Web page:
Cinematographer Dagmar Weaver-Madsen met Richmond when he reached out after seeing her UCLA thesis project: “He was always there to offer advice and perspective. He looked at everything around him with fresh eyes.”

Cinematographer Chris Mosson assisted for Richmond from 2011-’15. He reminisces, “Tom was woven so deeply into our community. As a colleague, he inspired you to be better at your job. As a friend, he inspired you to be a better person.”

Cinematographer Chris Heinrich also assisted for Richmond: “He was the most punk-rock cinematographer — ask anyone — and an incredible educator. He was my hero.”

Gaffer Noah Chamis: “He was the first person to ever believe in my worth in the film business, and the first person to trust me as a true creative collaborator.”

Actor Noah Segan: "He took me in, taught me to drive, and let me work on his sets. He was my most influential teacher of film, music, and art.”

Richmond went on to garner credits with Todd Solondz’s Palindromes (2003), Robert Altman’s Tanner on Tanner (2004), and Right at Your Door, for which he won the award for Best Cinematography at the 2006 Sundance Film Festival. Shot on Super 16mm, Right at Your Door takes place mostly in a single practical location: a hillside house overlooking Los Angeles. The film examines what might happen if Los Angeles were hit by a series of dirty bombs, focusing on a young couple’s reaction to the crisis. As Sundance juror Nancy Schreiber, ASC told AC (April ’06), “Tom was incredibly inventive in making this house work in an emotionally diverse way. He did it with precision, skill, and beauty — and on such a low budget. It was masterful.”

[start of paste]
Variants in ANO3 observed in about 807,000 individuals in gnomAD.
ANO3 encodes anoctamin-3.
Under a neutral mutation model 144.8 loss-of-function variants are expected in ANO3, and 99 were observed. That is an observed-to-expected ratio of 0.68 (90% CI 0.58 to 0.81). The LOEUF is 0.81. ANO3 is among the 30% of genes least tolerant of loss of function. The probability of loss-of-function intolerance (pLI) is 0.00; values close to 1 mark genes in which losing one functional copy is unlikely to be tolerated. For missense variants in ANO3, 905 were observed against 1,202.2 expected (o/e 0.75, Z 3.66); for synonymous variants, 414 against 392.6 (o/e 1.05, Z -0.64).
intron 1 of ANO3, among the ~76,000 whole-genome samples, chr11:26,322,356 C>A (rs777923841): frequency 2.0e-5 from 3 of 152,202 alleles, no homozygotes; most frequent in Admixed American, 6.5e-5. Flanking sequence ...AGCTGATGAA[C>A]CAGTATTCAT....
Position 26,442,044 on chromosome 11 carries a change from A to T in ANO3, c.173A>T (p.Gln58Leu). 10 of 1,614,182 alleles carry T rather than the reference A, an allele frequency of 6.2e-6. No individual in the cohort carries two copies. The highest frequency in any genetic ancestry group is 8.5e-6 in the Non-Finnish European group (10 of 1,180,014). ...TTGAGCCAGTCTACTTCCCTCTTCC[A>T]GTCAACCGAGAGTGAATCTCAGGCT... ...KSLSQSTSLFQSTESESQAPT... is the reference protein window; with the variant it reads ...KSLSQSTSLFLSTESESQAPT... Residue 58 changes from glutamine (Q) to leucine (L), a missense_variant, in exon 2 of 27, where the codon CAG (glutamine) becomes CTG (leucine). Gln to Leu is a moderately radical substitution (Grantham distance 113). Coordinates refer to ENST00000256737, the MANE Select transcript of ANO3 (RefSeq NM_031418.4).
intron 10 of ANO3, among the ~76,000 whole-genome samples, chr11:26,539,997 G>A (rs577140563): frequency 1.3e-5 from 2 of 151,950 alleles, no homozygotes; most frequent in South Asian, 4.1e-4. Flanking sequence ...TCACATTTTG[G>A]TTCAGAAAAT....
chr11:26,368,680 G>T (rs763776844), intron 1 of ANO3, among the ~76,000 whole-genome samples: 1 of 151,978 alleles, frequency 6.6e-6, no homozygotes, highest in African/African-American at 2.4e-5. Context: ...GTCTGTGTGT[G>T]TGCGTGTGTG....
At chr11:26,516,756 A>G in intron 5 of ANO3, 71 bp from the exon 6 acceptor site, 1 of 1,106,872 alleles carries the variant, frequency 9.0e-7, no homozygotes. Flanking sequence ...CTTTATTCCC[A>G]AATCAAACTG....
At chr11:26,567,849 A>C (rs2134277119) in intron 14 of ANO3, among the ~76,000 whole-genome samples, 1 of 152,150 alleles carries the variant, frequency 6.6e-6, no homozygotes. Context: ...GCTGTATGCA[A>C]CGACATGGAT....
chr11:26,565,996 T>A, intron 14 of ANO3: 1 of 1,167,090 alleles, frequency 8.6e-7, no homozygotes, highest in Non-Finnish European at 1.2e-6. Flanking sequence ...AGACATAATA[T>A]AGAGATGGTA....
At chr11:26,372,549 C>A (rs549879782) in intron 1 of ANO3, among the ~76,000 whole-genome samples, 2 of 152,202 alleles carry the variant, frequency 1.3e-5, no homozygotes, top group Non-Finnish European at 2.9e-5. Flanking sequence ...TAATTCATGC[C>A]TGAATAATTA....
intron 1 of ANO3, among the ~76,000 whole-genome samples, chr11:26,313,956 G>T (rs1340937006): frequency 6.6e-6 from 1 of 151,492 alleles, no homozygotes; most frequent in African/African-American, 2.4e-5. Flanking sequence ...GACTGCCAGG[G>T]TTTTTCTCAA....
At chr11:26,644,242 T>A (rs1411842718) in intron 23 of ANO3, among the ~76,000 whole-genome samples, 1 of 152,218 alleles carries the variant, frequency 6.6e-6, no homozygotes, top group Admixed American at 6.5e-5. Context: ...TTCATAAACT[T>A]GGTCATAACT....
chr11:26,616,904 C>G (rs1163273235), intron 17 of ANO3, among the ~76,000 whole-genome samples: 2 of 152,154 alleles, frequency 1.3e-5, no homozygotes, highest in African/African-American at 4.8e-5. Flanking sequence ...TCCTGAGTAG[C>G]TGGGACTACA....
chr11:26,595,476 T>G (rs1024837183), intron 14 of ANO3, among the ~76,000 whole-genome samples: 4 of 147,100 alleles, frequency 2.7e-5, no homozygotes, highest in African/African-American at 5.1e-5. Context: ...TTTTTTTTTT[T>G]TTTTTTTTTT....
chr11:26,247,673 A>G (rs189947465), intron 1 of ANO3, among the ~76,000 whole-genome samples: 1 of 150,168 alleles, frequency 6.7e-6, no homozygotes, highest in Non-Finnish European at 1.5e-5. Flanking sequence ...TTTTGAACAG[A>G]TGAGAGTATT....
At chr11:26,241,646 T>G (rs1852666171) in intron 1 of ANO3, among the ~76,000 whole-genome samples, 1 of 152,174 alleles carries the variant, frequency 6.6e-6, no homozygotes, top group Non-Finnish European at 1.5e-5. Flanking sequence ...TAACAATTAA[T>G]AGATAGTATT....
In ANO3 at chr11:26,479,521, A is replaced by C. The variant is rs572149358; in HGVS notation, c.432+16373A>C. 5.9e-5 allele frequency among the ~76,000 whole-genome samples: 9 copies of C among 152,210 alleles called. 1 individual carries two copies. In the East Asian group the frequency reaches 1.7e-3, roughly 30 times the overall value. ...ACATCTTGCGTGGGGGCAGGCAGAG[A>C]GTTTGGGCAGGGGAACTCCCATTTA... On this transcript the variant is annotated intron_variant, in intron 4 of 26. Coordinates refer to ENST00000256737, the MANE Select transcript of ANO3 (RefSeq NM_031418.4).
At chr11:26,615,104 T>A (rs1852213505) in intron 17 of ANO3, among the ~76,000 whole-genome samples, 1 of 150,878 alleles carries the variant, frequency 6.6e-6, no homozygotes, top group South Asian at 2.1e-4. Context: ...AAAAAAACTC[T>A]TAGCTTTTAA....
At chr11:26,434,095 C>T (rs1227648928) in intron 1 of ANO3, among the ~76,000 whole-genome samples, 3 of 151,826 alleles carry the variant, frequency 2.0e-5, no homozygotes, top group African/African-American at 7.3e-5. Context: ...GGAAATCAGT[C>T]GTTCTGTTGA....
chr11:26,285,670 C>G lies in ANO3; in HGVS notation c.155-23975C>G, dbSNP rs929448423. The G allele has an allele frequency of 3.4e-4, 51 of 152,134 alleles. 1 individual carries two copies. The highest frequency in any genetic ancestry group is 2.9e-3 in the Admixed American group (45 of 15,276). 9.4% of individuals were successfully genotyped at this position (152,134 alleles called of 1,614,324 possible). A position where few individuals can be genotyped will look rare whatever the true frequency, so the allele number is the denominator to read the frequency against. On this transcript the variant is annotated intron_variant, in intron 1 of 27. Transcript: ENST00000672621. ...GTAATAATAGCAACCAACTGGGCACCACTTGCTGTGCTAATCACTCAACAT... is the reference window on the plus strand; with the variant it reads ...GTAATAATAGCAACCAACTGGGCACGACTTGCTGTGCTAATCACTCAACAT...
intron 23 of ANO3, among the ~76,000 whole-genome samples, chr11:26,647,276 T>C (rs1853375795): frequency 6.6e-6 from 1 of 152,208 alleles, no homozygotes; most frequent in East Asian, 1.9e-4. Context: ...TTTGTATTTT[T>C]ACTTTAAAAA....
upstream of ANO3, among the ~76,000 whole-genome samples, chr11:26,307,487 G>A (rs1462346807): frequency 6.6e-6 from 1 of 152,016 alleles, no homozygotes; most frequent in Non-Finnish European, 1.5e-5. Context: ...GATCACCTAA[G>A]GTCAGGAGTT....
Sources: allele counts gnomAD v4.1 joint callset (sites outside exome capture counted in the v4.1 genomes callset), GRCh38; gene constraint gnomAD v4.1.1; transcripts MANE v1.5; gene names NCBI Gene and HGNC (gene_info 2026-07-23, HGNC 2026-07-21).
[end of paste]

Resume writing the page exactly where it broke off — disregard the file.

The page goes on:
In addition to his feature film work, Richmond shot a number of music videos for such artists as Pearl Jam (the controversial clip “Jeremy”), Foo Fighters, Neil Young, Grace Jones, L7, Emmylou Harris, Dave Alvin, Lisa Loeb, and Reverend Horton Heat. 

His CV also includes commercials for Nike, Verizon, Holiday Inn, Jetblue, and FedEx. 

Recently, Richmond began his third year as adjunct professor of Advanced Cinematography at NYU’s Tisch School of the Arts in New York City. 

Richmond was invited to join the ASC as an active member in 2012, sponsored by Society members Steven Fierberg, Owen Roizman, and Francis Kenney.

“His work stands out as a unique and strong vision on a wide range of independent films,” Fierberg wrote of Richmond in his letter of recommendation for Society membership. “He has an inherently generous nature, always sharing time, advice, and hospitality. His home, decorated with his fantastic photography, was always a welcoming environment and accommodated a wide range of acquaintances. This speaks to the breadth and humanity of this gentle soul.”